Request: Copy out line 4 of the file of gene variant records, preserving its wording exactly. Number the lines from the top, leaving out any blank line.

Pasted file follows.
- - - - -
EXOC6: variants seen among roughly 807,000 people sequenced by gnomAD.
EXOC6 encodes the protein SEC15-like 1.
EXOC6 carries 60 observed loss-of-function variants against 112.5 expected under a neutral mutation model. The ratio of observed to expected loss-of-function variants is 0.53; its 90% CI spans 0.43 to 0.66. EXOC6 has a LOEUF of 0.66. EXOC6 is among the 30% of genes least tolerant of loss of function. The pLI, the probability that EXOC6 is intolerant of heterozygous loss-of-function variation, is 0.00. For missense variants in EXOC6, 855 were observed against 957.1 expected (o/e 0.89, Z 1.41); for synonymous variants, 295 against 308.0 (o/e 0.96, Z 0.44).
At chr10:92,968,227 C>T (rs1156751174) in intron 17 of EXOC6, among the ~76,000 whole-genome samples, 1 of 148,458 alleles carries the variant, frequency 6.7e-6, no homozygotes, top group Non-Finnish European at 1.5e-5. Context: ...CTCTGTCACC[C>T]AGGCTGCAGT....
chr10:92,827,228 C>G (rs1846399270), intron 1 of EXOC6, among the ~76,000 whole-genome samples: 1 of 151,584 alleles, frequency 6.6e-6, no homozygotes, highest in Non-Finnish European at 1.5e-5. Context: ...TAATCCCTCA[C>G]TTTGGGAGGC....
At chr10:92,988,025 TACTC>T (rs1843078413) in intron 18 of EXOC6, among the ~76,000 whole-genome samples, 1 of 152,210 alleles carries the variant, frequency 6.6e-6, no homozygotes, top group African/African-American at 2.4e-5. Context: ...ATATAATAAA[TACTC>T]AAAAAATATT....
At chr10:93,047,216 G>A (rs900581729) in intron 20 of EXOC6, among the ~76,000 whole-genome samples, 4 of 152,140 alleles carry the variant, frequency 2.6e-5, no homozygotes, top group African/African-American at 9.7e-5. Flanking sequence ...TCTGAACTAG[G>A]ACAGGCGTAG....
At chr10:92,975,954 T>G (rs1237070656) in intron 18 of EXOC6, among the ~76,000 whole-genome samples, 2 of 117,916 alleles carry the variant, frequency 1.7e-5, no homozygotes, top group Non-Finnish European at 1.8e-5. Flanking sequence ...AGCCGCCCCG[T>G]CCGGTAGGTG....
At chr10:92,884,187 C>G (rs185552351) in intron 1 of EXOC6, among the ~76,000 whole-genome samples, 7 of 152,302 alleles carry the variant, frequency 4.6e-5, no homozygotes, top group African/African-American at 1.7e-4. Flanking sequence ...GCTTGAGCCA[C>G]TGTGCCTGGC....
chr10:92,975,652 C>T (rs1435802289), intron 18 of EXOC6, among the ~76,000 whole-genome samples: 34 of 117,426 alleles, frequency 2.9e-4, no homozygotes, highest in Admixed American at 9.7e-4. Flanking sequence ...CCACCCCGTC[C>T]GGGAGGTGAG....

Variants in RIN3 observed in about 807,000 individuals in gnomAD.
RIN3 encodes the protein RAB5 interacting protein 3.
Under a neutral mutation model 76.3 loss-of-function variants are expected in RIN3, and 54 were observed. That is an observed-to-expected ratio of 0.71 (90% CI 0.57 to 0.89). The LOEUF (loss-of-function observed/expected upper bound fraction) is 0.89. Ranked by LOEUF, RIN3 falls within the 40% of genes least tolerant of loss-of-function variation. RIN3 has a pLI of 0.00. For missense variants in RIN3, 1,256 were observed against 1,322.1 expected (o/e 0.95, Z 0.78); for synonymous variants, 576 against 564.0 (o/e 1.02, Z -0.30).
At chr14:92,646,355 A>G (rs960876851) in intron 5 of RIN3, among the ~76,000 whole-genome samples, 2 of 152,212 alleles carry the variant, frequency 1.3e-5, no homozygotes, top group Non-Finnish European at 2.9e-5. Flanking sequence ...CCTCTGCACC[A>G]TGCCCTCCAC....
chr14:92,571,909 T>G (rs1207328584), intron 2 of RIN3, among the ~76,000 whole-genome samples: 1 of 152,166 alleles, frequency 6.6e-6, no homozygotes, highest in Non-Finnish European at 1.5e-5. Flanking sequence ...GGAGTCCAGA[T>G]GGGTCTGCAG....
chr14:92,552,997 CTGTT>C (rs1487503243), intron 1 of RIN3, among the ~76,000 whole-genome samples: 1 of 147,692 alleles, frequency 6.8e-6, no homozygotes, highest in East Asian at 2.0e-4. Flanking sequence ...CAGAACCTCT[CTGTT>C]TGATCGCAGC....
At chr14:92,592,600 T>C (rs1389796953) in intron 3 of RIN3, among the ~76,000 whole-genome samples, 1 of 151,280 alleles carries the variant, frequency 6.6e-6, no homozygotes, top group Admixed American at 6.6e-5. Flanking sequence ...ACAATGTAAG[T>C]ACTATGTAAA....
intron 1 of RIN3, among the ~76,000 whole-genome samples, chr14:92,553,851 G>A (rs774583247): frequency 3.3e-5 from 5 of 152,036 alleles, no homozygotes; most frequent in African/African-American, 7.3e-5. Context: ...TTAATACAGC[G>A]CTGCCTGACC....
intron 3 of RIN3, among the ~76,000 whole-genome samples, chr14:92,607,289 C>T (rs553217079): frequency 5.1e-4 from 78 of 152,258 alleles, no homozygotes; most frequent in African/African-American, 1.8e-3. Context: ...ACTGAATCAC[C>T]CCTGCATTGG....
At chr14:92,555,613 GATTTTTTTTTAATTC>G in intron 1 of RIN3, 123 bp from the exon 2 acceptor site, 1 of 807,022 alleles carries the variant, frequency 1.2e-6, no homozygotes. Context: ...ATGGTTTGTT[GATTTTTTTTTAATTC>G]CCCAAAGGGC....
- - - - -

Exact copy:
At chr10:92,968,227 C>T (rs1156751174) in intron 17 of EXOC6, among the ~76,000 whole-genome samples, 1 of 148,458 alleles carries the variant, frequency 6.7e-6, no homozygotes, top group Non-Finnish European at 1.5e-5. Context: ...CTCTGTCACC[C>T]AGGCTGCAGT....